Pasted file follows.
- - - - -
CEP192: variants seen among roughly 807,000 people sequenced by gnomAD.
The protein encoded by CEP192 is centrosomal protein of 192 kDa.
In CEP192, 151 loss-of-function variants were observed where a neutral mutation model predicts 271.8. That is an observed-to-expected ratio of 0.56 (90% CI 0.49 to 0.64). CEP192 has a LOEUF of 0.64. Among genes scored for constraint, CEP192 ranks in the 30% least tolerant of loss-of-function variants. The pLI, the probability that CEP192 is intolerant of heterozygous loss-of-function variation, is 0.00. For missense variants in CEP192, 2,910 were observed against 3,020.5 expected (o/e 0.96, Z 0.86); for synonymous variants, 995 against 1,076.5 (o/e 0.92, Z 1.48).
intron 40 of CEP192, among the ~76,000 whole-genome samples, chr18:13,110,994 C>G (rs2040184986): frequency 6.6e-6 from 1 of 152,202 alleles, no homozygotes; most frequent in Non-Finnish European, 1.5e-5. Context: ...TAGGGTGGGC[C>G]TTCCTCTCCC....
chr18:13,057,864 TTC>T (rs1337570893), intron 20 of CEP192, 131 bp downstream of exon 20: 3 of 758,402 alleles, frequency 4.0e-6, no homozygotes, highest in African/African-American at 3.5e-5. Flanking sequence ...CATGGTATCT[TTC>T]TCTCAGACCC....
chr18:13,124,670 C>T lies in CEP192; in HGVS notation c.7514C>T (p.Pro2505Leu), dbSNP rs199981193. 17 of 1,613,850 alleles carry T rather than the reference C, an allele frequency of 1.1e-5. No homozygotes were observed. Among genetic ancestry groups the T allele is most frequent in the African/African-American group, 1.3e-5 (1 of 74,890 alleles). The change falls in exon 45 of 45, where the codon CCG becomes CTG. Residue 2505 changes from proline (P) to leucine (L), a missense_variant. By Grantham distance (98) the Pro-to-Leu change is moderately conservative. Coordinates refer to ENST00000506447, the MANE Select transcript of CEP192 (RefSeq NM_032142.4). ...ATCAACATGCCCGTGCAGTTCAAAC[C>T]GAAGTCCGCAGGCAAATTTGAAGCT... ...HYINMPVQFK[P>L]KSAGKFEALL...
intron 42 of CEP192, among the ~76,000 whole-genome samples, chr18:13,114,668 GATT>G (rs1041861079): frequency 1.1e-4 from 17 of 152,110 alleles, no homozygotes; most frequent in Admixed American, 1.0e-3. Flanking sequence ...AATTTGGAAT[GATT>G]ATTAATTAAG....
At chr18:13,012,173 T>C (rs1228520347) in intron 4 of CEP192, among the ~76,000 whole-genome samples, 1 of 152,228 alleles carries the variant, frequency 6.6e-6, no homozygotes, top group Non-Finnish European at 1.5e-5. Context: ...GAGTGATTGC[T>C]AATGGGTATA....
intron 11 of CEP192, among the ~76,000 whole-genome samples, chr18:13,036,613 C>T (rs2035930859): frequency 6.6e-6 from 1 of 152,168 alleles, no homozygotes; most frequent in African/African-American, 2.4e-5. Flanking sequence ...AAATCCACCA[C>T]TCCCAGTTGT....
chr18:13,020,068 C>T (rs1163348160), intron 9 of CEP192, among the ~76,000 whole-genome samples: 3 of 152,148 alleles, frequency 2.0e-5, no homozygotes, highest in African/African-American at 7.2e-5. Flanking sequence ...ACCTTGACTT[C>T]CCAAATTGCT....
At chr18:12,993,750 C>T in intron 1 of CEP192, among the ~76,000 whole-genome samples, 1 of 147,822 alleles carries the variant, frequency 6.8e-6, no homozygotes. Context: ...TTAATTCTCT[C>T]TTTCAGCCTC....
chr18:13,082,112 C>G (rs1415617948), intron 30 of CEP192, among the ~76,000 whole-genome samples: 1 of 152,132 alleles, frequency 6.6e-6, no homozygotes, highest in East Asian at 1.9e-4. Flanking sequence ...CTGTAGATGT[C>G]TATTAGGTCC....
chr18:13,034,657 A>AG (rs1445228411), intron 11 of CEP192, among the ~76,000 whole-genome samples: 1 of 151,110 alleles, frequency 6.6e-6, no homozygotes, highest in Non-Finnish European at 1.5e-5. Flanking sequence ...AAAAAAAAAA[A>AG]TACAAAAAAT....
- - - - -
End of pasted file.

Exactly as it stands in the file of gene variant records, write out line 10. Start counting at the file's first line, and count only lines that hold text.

chr18:13,020,068 C>T (rs1163348160), intron 9 of CEP192, among the ~76,000 whole-genome samples: 3 of 152,148 alleles, frequency 2.0e-5, no homozygotes, highest in African/African-American at 7.2e-5. Flanking sequence ...ACCTTGACTT[C>T]CCAAATTGCT....